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Is Your Whey Protein Safe? New Study Uncovers Shocking Gaps in Regulation

Canadian regulations on muscle-building supplements show gaps, risking youth health. Authors propose stricter testing, sales restrictions, and enhanced recall powers for Health Canada.

A recent policy analysis revealed that muscle-building dietary supplements, such as whey protein, are loosely regulated by federal Canadian policy.

A recent policy analysis, published in the journal Performance Enhancement & Health, has brought attention to multiple shortcomings in the Canadian policy concerning muscle-building dietary supplements. These supplements, which include whey protein, creatine monohydrate, and amino acids<div class="cell text-container large-6 small-order-0 large-order-1">
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, are commonly consumed for their purported benefits relating to muscle growth and recovery. Currently, their regulation falls under the Natural Health Products Regulations governed by Health Canada.

“We identified many gaps in the current policy that put young people at risk,” reported Kyle T. Ganson, PhD, MSW, assistant professor at the University of Toronto’s Factor-Inwentash Faculty of Social Work. “Namely, there lacks a serious and consistent method of ensuring manufacturing sites and products are safe and unadulterated or contaminated.”

Identified Gaps and Concerns

The authors underscore the need for greater regulations given their prior research that has documented that over 80% of boys and young men report using whey protein and over 50% report using creatine monohydrate.

“These dietary supplements are widely available and easily accessible despite the potential for being adulterated with banned substances,” continued Ganson. “We also know that use of muscle-building dietary supplements is linked with eating disorders, muscle dysmorphia, illicit substance use, and future use of anabolic-androgenic steroids.”

The authors provide a number of pre- and post-market recommendations to strength policy to protect the health and well-being of Canadians.

“Several strategies may be used to deter use, such as imposing a tax to these supplements, as well as restricting sale to those under 18 years old,” noted Ganson.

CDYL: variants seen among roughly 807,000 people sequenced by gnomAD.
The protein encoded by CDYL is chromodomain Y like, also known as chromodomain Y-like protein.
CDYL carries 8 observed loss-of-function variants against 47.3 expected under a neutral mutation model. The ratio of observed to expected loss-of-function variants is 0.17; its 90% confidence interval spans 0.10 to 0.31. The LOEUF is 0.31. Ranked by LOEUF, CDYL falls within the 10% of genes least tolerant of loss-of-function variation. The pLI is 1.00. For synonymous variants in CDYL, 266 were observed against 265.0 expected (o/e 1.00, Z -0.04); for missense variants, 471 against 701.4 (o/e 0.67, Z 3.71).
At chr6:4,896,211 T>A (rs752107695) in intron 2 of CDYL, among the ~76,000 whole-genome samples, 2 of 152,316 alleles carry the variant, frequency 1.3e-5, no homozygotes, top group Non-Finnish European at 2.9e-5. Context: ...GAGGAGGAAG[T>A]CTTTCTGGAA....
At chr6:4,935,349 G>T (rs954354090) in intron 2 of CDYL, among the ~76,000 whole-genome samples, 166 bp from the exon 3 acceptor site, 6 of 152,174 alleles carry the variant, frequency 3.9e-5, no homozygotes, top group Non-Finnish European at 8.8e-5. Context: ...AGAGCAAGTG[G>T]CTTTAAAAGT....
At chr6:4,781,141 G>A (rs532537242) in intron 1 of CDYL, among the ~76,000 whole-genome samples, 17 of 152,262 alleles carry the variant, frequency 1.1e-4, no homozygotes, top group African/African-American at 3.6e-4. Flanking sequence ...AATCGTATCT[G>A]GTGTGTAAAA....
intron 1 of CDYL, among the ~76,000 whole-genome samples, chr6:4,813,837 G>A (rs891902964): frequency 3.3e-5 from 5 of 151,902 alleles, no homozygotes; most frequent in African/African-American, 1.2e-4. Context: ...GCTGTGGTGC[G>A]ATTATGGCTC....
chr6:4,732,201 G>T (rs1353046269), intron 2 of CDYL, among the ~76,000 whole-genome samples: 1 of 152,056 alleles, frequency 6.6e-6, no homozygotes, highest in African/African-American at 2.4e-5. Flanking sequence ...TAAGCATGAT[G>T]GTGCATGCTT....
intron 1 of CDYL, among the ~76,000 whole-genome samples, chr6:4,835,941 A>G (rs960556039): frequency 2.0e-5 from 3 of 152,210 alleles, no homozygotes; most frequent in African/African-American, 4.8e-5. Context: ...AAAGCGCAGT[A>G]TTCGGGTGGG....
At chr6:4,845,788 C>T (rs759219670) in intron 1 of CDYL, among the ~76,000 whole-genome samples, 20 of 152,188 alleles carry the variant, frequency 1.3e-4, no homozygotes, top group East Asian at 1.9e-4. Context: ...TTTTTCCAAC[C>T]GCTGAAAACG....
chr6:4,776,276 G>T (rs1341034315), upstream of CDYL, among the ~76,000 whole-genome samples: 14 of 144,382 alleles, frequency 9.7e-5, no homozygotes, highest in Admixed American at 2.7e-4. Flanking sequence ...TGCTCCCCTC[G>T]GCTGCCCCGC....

Recommendations for Policy Strengthening

The authors also recommend enhanced pre- and post-market testing of manufacturing sites and products, increased ability for Health Canada to recall products, and improved monitoring of adverse events.

Reference: “Assessing Canadian regulation of muscle-building supplements: Identifying gaps and recommendations for improvement to protect the health and well-being of young people” by Kyle T. Ganson, Eliana Sinicropi and Jason M. Nagata, 7 September 2023, Performance Enhancement & Health.
DOI: 10.1016/j.peh.2023.100255

The study was funded by the Richard B. Splane Applied Social Policy and Social Innovation Fund and the National Institutes of HealthThe National Institutes of Health (NIH) is the primary agency of the United States government responsible for biomedical and public health research. Founded in 1887, it is a part of the U.S. Department of Health and Human Services. The NIH conducts its own scientific research through its Intramural Research Program (IRP) and provides major biomedical research funding to non-NIH research facilities through its Extramural Research Program. With 27 different institutes and centers under its umbrella, the NIH covers a broad spectrum of health-related research, including specific diseases, population health, clinical research, and fundamental biological processes. Its mission is to seek fundamental knowledge about the nature and behavior of living systems and the application of that knowledge to enhance health, lengthen life, and reduce illness and disability.” data-gt-translate-attributes=”[{“attribute”:”data-cmtooltip”, “format”:”html”}]”>National Institutes of Health

Source: SciTechDaily